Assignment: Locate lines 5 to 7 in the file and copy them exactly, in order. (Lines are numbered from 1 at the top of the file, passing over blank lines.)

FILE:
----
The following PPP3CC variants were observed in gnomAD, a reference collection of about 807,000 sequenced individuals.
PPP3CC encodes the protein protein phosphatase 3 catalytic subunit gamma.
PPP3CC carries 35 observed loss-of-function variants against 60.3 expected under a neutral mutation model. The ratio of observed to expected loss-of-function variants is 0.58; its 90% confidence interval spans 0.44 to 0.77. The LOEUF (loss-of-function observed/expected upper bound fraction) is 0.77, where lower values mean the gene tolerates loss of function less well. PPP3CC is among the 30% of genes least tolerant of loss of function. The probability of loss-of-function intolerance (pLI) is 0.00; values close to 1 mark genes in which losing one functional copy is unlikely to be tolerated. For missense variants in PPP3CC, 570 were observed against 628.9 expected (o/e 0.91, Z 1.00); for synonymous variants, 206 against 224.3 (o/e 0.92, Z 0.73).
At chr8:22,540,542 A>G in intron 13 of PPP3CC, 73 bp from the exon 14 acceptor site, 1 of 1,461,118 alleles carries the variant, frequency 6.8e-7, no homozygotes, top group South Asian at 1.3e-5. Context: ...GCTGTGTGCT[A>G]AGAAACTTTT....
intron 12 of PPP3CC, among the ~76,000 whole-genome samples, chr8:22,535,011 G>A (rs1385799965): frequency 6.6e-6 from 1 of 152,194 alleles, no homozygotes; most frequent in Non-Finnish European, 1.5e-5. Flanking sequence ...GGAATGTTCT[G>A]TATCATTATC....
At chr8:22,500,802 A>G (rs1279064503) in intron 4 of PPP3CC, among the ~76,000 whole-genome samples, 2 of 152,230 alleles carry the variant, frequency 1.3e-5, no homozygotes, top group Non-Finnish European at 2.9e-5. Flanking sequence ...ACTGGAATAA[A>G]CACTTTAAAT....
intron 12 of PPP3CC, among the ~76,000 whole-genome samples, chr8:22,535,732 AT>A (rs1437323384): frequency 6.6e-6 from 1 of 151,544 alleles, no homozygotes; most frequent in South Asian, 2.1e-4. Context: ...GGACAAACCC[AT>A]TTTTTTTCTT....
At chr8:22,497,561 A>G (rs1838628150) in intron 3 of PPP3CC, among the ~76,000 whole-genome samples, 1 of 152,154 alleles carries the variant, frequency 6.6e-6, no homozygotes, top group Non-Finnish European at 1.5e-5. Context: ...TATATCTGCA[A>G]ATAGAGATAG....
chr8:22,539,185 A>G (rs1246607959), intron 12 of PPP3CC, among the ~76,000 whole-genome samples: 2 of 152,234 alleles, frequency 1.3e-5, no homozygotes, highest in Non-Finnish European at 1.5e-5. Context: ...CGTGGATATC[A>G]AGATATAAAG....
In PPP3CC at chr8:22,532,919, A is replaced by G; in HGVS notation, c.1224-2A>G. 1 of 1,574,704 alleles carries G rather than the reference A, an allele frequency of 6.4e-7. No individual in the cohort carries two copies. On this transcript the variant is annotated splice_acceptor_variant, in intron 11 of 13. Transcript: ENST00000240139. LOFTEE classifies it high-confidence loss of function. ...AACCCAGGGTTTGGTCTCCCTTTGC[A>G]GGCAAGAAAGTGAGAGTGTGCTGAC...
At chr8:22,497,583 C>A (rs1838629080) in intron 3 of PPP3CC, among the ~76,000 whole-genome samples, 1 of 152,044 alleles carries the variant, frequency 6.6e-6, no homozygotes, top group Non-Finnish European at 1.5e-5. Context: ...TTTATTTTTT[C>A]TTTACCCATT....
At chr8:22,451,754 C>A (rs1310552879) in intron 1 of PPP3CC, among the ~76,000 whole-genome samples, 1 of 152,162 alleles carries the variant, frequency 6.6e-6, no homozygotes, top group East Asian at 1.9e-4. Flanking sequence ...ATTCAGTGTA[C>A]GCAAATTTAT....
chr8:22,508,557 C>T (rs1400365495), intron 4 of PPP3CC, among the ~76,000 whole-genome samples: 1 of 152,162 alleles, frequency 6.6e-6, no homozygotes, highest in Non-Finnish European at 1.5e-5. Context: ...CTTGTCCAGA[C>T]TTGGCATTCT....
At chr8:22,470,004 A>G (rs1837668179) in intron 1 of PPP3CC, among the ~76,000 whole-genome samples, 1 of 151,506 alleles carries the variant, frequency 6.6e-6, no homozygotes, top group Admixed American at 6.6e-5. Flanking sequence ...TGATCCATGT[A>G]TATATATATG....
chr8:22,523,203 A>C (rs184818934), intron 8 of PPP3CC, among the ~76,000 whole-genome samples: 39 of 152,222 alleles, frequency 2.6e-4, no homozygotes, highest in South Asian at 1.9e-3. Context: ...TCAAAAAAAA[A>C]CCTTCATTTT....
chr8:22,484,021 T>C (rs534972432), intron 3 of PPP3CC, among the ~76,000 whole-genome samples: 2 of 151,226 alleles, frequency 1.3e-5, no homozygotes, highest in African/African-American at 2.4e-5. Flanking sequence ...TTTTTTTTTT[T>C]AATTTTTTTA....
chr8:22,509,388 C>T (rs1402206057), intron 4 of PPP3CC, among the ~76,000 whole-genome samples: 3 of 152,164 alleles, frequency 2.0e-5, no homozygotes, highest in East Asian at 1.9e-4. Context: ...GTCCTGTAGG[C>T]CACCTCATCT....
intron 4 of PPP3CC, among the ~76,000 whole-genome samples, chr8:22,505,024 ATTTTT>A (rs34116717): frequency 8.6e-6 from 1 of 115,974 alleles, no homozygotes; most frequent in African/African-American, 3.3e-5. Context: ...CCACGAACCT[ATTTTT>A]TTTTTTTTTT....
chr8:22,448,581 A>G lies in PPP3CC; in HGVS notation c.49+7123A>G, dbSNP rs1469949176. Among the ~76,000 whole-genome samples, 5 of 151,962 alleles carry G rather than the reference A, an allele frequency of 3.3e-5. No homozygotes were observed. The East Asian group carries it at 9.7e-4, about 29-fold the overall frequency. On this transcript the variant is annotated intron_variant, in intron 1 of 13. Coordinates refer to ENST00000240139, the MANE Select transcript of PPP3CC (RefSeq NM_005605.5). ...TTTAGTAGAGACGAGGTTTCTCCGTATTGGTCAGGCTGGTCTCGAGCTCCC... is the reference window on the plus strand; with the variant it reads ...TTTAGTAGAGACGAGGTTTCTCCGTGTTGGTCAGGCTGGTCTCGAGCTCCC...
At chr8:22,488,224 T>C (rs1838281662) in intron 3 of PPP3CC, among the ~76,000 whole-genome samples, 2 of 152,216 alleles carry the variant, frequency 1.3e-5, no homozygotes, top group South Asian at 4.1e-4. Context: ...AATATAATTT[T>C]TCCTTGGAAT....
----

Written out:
intron 12 of PPP3CC, among the ~76,000 whole-genome samples, chr8:22,535,011 G>A (rs1385799965): frequency 6.6e-6 from 1 of 152,194 alleles, no homozygotes; most frequent in Non-Finnish European, 1.5e-5. Flanking sequence ...GGAATGTTCT[G>A]TATCATTATC....
At chr8:22,500,802 A>G (rs1279064503) in intron 4 of PPP3CC, among the ~76,000 whole-genome samples, 2 of 152,230 alleles carry the variant, frequency 1.3e-5, no homozygotes, top group Non-Finnish European at 2.9e-5. Flanking sequence ...ACTGGAATAA[A>G]CACTTTAAAT....
intron 12 of PPP3CC, among the ~76,000 whole-genome samples, chr8:22,535,732 AT>A (rs1437323384): frequency 6.6e-6 from 1 of 151,544 alleles, no homozygotes; most frequent in South Asian, 2.1e-4. Context: ...GGACAAACCC[AT>A]TTTTTTTCTT....